If the private IP is the target of a route rule, deleting it from the VNIC causes the route rule to blackhole and the traffic will be dropped.

Prerequisite: Oracle recommends removing the IP address from the OS configuration before deleting it from the VNIC. See Linux: Details about Secondary IP Addresses or Windows: Details about Secondary IP Addresses.

  1. Confirm you're viewing the compartment that contains the instance you're interested in.
  2. Open the navigation menu. Under Core Infrastructure, go to Compute and click Instances.
  3. Click the instance to view its details.
  4. Under Resources, click Attached VNICs.

    The primary VNIC and any secondary VNICs attached to the instance are displayed.

  5. Click the VNIC you're interested in.
  6. Under Resources, click IP Addresses.

    The VNIC's primary private IP and any secondary private IPs are displayed.

  7. For the private IP you want to delete, click the Actions icon (three dots), and then click Delete Private IP.
  8. Confirm when prompted.

The private IP address is returned to the pool of available addresses in the subnet.

To manage tags for a private IP
  1. Confirm you're viewing the compartment that contains the instance you're interested in.
  2. Open the navigation menu. Under Core Infrastructure, go to Compute and click Instances.
  3. Click the instance to view its details.
  4. Under Resources, click Attached VNICs.

    The primary VNIC and any secondary VNICs attached to the instance are displayed.

  5. Click the VNIC you're interested in.
  6. Under Resources, click IP Addresses.

    The VNIC's primary private IP and any secondary private IPs are displayed.

  7. For the private IP you're interested in, click the Actions icon (three dots), and then click View Tags. From there you can view the existing tags, edit them, and apply new ones.

For more information, see Resource Tags.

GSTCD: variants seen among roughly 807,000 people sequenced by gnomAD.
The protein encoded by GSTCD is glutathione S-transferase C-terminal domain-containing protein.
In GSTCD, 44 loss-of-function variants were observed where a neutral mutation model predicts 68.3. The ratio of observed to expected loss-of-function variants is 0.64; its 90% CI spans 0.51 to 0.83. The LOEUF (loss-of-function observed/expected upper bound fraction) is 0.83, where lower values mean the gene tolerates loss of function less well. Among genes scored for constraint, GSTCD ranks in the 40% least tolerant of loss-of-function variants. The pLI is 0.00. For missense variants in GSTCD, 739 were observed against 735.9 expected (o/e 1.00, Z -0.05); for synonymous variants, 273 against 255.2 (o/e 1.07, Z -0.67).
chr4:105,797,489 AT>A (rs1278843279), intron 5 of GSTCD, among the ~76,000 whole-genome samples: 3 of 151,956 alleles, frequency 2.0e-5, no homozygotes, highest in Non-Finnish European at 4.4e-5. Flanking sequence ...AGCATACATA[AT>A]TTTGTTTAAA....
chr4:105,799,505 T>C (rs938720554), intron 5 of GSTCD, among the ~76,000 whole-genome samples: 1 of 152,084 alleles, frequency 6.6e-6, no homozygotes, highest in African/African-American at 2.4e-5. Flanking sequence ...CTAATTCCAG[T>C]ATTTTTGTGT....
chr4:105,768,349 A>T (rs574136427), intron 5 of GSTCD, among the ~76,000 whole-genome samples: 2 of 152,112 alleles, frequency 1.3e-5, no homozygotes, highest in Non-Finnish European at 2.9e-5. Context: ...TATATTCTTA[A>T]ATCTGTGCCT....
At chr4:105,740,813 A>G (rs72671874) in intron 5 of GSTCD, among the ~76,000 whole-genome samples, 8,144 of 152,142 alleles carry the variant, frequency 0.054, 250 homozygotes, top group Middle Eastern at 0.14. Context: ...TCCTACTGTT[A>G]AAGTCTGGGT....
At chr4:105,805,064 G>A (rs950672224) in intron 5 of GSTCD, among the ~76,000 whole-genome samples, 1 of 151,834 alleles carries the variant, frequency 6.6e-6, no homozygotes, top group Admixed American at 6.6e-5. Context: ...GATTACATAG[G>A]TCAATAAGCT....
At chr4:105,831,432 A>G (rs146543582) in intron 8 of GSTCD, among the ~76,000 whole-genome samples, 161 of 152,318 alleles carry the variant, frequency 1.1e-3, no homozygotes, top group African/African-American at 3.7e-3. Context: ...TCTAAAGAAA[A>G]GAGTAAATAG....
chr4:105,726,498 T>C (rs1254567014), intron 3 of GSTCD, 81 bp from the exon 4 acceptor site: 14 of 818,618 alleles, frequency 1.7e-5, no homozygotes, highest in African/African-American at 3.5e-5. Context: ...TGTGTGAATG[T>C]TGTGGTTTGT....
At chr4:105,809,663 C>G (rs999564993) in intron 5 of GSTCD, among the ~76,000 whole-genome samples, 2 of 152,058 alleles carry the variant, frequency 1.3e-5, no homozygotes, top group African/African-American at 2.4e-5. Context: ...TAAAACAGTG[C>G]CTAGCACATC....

Using the API

For information about using the API and signing requests, see REST APIs and Security Credentials. For information about SDKs, see Software Development Kits and Command Line Interface.

To manage private IPs on a VNIC, use these operations:

  • GetPrivateIp: Use this to get a single privateIp object by specifying its OCID.
  • ListPrivateIps: Use this to get a single privateIp object by specifying the private IP address (for example, 10.0.3.3) and the subnet's OCID. Or you can list all the privateIp objects in a given subnet, or just the ones assigned to a given VNIC.
  • CreatePrivateIp: Use this to assign a new secondary private IP to a VNIC.
  • UpdatePrivateIp: Use this to reassign a secondary private IP to a different VNIC in the same subnet, or to update the hostname or display name of a secondary private IP.
  • DeletePrivateIp: Use this to delete a secondary private IP from a VNIC. The private IP address is returned to the subnet's pool of available addresses.

Linux: Details about Secondary IP Addresses

After assigning a secondary private IP to a VNIC, you must configure the OS to use it.

Basic Commands (Not Persistent Through a Reboot)

On the instance, run the following command. It works on all variants of Linux, for both bare metal and VM instances:
ip addr add <address>/<subnet_prefix_len> dev <phys_dev> label <phys_dev>:<addr_seq_num>
where:
  • <address>: The secondary private IP address.
  • <subnet_prefix_len>: The subnet's prefix length. For example, if the subnet is 192.168.20.0/24, the subnet prefix length is 24.
  • <phys_dev>: The interface to add the address to (for example, ens2f0).
  • <addr_seq_num>: The sequential number in the stack of addresses on the device (for example, 0).
For example:
ip addr add 192.168.20.50/24 dev ens2f0 label ens2f0:0

Later if you want to delete the address, you can use:

ip addr del 192.168.20.50/24 dev ens2f0:0 

Also make sure to delete the secondary IP from the VNIC. You can do that before or after executing the above command to delete the address from the OS configuration.

Note

If you've assigned a secondary IP to a secondary VNIC, and you're using policy-based routing for the secondary VNIC, make sure to configure the route rules to look up the same route table for the secondary IP address.

Configuration File (Persistent Through a Reboot)

You can make the configuration persistent through a reboot by adding the information to a configuration file.

For Oracle Linux and CentOS

Create an ifcfg file named /etc/sysconfig/network-scripts/ifcfg-<phys_dev>:<addr_seq_num>. To continue with the preceding example, the file name would be /etc/sysconfig/network-scripts/ifcfg-ens2f0:0, and the contents would be:

DEVICE="ens2f0:0"
BOOTPROTO=static
IPADDR=192.168.0.50
NETMASK=255.255.255.0
ONBOOT=yes
Note

If you've assigned a secondary IP to a secondary VNIC, and you're using policy-based routing for the secondary VNIC, make sure to configure the route rules to look up the same route table for the secondary IP address.

For Ubuntu
auto <phys_dev>:<addr_seq_num>
iface <phys_dev>:<addr_seq_num> inet static
	address <address>